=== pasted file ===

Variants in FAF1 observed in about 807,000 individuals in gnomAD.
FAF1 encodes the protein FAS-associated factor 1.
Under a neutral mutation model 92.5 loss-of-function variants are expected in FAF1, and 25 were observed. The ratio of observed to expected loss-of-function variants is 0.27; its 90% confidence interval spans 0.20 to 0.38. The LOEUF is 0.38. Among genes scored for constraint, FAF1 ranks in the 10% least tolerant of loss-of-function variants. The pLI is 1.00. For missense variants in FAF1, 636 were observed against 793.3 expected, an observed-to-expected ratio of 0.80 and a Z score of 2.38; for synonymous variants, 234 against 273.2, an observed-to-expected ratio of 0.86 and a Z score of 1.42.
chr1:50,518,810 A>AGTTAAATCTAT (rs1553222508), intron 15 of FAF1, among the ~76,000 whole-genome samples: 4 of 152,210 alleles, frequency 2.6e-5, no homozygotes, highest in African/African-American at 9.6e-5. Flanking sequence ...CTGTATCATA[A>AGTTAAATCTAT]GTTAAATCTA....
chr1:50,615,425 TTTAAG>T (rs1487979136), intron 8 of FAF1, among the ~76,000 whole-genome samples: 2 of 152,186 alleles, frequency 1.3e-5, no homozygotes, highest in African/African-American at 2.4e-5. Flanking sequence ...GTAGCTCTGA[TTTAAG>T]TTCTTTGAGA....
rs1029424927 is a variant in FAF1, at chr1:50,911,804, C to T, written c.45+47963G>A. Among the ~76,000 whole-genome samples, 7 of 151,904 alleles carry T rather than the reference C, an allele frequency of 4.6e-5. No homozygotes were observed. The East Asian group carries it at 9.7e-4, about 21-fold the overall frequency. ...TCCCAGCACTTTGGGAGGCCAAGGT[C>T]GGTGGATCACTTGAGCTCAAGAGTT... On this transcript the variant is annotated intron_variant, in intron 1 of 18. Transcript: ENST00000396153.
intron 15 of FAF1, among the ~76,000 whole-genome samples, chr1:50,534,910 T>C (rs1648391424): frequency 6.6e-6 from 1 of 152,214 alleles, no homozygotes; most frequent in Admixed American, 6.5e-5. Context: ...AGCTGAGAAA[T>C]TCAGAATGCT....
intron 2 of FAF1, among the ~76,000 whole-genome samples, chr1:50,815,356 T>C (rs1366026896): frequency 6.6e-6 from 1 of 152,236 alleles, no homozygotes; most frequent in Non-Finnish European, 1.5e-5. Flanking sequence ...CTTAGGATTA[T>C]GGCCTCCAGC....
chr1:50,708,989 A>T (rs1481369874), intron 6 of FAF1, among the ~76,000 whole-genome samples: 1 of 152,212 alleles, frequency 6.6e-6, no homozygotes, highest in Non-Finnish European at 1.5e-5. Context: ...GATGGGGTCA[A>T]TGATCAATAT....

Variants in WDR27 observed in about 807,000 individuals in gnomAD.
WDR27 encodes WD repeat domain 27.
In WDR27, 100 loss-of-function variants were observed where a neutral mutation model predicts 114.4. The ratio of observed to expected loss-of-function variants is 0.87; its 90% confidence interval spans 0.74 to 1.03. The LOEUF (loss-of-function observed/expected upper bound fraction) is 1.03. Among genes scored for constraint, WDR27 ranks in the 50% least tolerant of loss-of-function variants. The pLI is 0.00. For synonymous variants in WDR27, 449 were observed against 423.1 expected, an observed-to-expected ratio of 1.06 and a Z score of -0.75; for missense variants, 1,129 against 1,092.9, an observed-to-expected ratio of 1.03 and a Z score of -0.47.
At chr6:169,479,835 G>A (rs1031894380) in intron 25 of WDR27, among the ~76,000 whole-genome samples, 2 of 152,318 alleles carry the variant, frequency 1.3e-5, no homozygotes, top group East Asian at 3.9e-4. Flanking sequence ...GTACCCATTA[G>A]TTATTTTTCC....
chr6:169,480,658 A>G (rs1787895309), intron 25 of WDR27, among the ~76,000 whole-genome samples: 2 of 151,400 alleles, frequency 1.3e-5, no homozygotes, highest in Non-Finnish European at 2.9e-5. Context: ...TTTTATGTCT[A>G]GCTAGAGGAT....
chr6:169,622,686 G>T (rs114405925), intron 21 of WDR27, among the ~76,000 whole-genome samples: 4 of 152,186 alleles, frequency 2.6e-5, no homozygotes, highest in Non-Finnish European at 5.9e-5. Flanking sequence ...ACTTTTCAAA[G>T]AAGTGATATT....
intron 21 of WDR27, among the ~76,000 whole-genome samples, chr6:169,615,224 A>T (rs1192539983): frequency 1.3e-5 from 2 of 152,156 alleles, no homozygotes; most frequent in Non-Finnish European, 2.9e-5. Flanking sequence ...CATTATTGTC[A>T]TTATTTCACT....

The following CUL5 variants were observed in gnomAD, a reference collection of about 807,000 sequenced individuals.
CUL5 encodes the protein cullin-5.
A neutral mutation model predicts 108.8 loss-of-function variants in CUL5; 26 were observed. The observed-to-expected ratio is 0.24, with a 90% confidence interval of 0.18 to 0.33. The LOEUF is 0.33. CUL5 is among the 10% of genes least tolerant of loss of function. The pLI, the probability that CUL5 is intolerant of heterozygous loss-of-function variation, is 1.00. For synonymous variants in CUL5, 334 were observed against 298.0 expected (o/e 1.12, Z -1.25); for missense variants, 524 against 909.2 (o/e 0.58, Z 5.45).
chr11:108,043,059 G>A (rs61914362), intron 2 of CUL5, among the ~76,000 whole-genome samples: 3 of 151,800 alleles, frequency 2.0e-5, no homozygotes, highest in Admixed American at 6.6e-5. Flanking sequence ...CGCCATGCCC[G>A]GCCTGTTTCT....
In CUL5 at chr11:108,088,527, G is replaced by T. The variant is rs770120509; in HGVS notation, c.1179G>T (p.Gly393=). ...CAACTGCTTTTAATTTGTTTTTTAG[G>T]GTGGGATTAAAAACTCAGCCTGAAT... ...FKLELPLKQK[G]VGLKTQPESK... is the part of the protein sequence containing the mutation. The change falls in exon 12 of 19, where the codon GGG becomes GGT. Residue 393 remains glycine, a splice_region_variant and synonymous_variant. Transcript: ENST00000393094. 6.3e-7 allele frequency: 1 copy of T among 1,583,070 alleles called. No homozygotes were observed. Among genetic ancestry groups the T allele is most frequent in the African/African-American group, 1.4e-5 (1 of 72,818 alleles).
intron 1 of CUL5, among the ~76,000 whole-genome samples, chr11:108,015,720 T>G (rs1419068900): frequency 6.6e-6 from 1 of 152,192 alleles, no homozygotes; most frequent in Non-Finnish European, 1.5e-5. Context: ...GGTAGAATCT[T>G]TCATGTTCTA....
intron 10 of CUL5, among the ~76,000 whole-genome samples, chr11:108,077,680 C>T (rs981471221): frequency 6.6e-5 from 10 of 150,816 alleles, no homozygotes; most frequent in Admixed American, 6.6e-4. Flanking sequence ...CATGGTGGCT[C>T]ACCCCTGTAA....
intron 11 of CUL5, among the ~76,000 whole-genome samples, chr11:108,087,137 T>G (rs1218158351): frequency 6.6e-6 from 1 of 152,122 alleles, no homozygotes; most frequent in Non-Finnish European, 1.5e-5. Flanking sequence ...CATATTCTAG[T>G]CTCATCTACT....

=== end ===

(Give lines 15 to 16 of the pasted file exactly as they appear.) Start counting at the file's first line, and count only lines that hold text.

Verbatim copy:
chr6:169,622,686 G>T (rs114405925), intron 21 of WDR27, among the ~76,000 whole-genome samples: 4 of 152,186 alleles, frequency 2.6e-5, no homozygotes, highest in Non-Finnish European at 5.9e-5. Flanking sequence ...ACTTTTCAAA[G>T]AAGTGATATT....
intron 21 of WDR27, among the ~76,000 whole-genome samples, chr6:169,615,224 A>T (rs1192539983): frequency 1.3e-5 from 2 of 152,156 alleles, no homozygotes; most frequent in Non-Finnish European, 2.9e-5. Flanking sequence ...CATTATTGTC[A>T]TTATTTCACT....